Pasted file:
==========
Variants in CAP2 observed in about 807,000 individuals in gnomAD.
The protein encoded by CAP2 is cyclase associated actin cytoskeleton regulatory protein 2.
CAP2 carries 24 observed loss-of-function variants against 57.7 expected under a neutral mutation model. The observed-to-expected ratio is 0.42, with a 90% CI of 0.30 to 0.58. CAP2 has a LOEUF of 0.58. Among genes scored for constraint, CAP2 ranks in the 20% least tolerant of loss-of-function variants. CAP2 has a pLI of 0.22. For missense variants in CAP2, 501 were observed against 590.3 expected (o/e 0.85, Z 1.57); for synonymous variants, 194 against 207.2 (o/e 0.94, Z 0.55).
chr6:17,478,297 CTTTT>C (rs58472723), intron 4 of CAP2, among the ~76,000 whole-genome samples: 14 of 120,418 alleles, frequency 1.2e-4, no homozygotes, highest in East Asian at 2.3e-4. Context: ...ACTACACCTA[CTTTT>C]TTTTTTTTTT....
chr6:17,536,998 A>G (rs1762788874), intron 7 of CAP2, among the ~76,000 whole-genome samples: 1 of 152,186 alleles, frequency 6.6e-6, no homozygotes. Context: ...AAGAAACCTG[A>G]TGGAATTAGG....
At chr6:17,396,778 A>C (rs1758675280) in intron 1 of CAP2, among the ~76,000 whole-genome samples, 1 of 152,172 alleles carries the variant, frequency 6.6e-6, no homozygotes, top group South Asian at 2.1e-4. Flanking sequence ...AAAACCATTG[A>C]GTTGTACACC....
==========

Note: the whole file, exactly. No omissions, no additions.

Variants in CAP2 observed in about 807,000 individuals in gnomAD.
The protein encoded by CAP2 is cyclase associated actin cytoskeleton regulatory protein 2.
CAP2 carries 24 observed loss-of-function variants against 57.7 expected under a neutral mutation model. The observed-to-expected ratio is 0.42, with a 90% CI of 0.30 to 0.58. CAP2 has a LOEUF of 0.58. Among genes scored for constraint, CAP2 ranks in the 20% least tolerant of loss-of-function variants. CAP2 has a pLI of 0.22. For missense variants in CAP2, 501 were observed against 590.3 expected (o/e 0.85, Z 1.57); for synonymous variants, 194 against 207.2 (o/e 0.94, Z 0.55).
chr6:17,478,297 CTTTT>C (rs58472723), intron 4 of CAP2, among the ~76,000 whole-genome samples: 14 of 120,418 alleles, frequency 1.2e-4, no homozygotes, highest in East Asian at 2.3e-4. Context: ...ACTACACCTA[CTTTT>C]TTTTTTTTTT....
chr6:17,536,998 A>G (rs1762788874), intron 7 of CAP2, among the ~76,000 whole-genome samples: 1 of 152,186 alleles, frequency 6.6e-6, no homozygotes. Context: ...AAGAAACCTG[A>G]TGGAATTAGG....
At chr6:17,396,778 A>C (rs1758675280) in intron 1 of CAP2, among the ~76,000 whole-genome samples, 1 of 152,172 alleles carries the variant, frequency 6.6e-6, no homozygotes, top group South Asian at 2.1e-4. Flanking sequence ...AAAACCATTG[A>C]GTTGTACACC....